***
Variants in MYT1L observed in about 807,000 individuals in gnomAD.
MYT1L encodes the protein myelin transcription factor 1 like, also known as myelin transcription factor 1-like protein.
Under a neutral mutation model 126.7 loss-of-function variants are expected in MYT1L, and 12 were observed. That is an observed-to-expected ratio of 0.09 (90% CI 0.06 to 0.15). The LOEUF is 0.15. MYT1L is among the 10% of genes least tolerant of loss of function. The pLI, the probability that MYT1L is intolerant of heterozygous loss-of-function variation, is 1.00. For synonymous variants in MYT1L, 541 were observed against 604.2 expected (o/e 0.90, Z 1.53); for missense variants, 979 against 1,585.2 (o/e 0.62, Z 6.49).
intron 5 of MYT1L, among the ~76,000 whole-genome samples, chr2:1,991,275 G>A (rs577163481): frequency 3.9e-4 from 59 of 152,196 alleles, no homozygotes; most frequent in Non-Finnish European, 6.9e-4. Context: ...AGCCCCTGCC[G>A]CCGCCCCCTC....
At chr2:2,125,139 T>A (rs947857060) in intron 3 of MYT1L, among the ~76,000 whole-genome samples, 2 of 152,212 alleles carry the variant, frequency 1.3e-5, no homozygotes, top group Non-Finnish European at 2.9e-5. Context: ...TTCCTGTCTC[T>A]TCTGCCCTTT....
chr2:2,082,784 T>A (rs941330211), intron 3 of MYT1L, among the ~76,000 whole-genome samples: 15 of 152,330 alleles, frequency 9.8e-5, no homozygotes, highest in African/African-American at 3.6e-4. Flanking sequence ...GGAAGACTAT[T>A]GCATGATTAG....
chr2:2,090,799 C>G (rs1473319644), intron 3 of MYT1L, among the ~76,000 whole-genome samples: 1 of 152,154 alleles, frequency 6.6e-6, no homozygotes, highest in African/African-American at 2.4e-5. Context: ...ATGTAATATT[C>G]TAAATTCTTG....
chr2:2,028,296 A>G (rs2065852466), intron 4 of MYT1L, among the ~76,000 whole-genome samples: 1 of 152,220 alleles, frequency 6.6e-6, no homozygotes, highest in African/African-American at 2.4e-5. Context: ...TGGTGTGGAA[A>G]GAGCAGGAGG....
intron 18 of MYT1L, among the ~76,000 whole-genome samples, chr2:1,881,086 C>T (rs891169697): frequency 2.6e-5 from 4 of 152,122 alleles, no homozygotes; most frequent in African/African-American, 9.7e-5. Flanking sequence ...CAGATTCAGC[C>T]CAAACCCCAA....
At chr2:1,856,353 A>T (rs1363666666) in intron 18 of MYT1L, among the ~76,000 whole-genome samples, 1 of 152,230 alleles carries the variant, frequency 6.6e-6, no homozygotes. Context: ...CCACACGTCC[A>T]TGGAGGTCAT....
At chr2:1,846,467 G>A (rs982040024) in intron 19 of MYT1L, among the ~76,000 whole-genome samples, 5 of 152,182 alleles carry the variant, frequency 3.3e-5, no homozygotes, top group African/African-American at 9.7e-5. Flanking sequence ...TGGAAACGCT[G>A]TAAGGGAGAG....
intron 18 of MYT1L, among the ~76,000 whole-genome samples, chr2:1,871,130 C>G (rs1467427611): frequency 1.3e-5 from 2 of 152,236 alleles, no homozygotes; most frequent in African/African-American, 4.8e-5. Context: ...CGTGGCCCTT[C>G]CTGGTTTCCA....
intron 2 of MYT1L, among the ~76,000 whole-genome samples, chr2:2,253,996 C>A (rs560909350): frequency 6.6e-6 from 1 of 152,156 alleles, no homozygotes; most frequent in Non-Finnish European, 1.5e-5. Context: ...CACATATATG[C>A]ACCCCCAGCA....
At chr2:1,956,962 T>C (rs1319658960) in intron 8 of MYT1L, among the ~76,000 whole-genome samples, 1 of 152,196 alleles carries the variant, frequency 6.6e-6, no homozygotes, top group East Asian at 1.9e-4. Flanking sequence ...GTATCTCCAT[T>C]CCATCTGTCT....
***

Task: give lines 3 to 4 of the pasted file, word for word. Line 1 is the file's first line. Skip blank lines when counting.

Under a neutral mutation model 126.7 loss-of-function variants are expected in MYT1L, and 12 were observed. That is an observed-to-expected ratio of 0.09 (90% CI 0.06 to 0.15). The LOEUF is 0.15. MYT1L is among the 10% of genes least tolerant of loss of function. The pLI, the probability that MYT1L is intolerant of heterozygous loss-of-function variation, is 1.00. For synonymous variants in MYT1L, 541 were observed against 604.2 expected (o/e 0.90, Z 1.53); for missense variants, 979 against 1,585.2 (o/e 0.62, Z 6.49).
intron 5 of MYT1L, among the ~76,000 whole-genome samples, chr2:1,991,275 G>A (rs577163481): frequency 3.9e-4 from 59 of 152,196 alleles, no homozygotes; most frequent in Non-Finnish European, 6.9e-4. Context: ...AGCCCCTGCC[G>A]CCGCCCCCTC....